File::Find - Get a lazy list of a directory tree
use File::Find; # recursively (and eagerly) find all files from the 'foo' directory my @list = find(dir => 'foo'); say @list[0..3]; # the same as above, but lazily return the results my $list = find(dir => 'foo'); say $list[0..3]; # eagerly find all Perl-related files from the current directory my @perl-files = find(dir => '.', name => /.p [l||m] $/); # lazily find all directories within the 'rakudo' directory my $rakudo-dirs = find(dir => 'rakudo', type => 'dir'); # lazily find all symlinks a normal user can access under `/etc` my $etc-symlinks = find(dir => '/etc/', type => 'symlink', keep-going => True);
File::Find allows you to get the contents of the given directory,
recursively, depth first.
The only exported function,
find(), generates a lazy
list of files in given directory. Every element of the list is an
IO::Path object, described below.
find() takes one (or more) named arguments. The
is mandatory, and sets the directory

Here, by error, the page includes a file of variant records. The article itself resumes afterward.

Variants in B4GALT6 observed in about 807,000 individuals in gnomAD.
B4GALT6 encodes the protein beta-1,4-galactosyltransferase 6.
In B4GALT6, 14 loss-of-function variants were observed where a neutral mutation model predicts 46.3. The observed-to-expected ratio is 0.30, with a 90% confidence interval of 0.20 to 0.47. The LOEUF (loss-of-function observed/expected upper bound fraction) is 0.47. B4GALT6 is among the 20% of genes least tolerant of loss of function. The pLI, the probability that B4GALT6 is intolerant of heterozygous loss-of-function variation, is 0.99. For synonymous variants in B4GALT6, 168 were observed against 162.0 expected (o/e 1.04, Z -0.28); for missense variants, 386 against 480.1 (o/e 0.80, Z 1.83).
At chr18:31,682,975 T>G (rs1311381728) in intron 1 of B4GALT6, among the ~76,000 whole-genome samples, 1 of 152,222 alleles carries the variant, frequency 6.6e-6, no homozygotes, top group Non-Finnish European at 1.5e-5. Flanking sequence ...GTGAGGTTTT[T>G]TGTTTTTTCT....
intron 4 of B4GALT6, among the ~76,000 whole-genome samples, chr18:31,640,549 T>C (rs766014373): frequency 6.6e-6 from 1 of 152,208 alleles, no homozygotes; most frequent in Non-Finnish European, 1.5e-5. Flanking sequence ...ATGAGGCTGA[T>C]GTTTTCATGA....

find() will traverse.
There are also a few optional arguments. If more than one is passed, all of them must match for a file to be returned.
Specify a name of the file
File::Find is ought to look for. If you
pass a string here,
find() will return only the files with the given
name. When passing a regex, only the files with path matching the
pattern will be returned. Any other type of argument passed here will
just be smartmatched against the path (which is exactly what happens to
regexes passed, by the way).
Specify a regex (or any other smartmatchable type) to exclude files / directories from the search.
Given a type,
find() will only return files being the given type.
The available types are
dir or `symlink.
find() to not stop finding files
on errors such as 'Access is denied', but rather ignore the errors
and keep going.
Perl 5's File::Find
Please note, that this module is not trying to be the verbatim port of Perl 5's File::Find module. Its interface is closer to Perl 5's File::Find::Rule, and its features are planned to be similar one day.
List assignment is eager in Perl 6, so if you assign
to an array, the elements will be copied and the laziness will be
spoiled. For a proper lazy list, assign a result to a scalar value